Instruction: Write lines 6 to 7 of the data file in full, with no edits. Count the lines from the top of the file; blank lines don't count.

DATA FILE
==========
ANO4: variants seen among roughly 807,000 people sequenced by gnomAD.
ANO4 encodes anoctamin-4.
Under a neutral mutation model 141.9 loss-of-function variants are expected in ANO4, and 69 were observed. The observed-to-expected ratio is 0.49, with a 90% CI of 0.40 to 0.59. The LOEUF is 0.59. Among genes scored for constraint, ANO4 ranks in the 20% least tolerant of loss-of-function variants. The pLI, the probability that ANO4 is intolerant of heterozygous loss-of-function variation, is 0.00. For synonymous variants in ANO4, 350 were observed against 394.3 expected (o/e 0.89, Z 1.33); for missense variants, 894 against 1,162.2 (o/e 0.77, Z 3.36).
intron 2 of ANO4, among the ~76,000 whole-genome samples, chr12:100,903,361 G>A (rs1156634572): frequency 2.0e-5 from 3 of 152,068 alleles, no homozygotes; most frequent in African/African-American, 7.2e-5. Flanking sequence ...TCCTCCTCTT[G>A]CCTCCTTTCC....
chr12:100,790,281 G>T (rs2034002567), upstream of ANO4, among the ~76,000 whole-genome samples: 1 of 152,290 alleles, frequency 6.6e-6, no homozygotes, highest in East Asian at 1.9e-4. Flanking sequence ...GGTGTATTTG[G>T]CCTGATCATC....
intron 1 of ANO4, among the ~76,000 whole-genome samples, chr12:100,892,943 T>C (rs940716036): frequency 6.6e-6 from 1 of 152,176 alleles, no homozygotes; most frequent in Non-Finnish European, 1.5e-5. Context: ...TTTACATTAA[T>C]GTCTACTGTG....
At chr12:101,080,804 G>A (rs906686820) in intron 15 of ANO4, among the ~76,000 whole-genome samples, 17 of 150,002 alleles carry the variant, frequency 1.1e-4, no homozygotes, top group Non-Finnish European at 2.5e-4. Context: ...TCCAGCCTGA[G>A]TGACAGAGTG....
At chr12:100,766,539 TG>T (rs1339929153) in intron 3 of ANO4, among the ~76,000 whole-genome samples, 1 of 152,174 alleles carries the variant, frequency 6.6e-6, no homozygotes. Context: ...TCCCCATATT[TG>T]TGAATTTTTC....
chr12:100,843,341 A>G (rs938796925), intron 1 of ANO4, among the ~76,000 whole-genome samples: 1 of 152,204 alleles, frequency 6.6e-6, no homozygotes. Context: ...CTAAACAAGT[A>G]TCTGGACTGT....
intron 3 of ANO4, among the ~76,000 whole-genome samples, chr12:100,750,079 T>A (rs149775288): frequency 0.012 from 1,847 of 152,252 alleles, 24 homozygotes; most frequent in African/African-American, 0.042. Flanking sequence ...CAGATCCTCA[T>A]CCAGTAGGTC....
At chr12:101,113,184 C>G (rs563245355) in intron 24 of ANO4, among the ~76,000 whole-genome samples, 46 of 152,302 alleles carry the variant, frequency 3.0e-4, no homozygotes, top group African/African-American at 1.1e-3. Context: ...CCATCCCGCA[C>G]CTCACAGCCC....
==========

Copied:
intron 1 of ANO4, among the ~76,000 whole-genome samples, chr12:100,892,943 T>C (rs940716036): frequency 6.6e-6 from 1 of 152,176 alleles, no homozygotes; most frequent in Non-Finnish European, 1.5e-5. Context: ...TTTACATTAA[T>C]GTCTACTGTG....
At chr12:101,080,804 G>A (rs906686820) in intron 15 of ANO4, among the ~76,000 whole-genome samples, 17 of 150,002 alleles carry the variant, frequency 1.1e-4, no homozygotes, top group Non-Finnish European at 2.5e-4. Context: ...TCCAGCCTGA[G>A]TGACAGAGTG....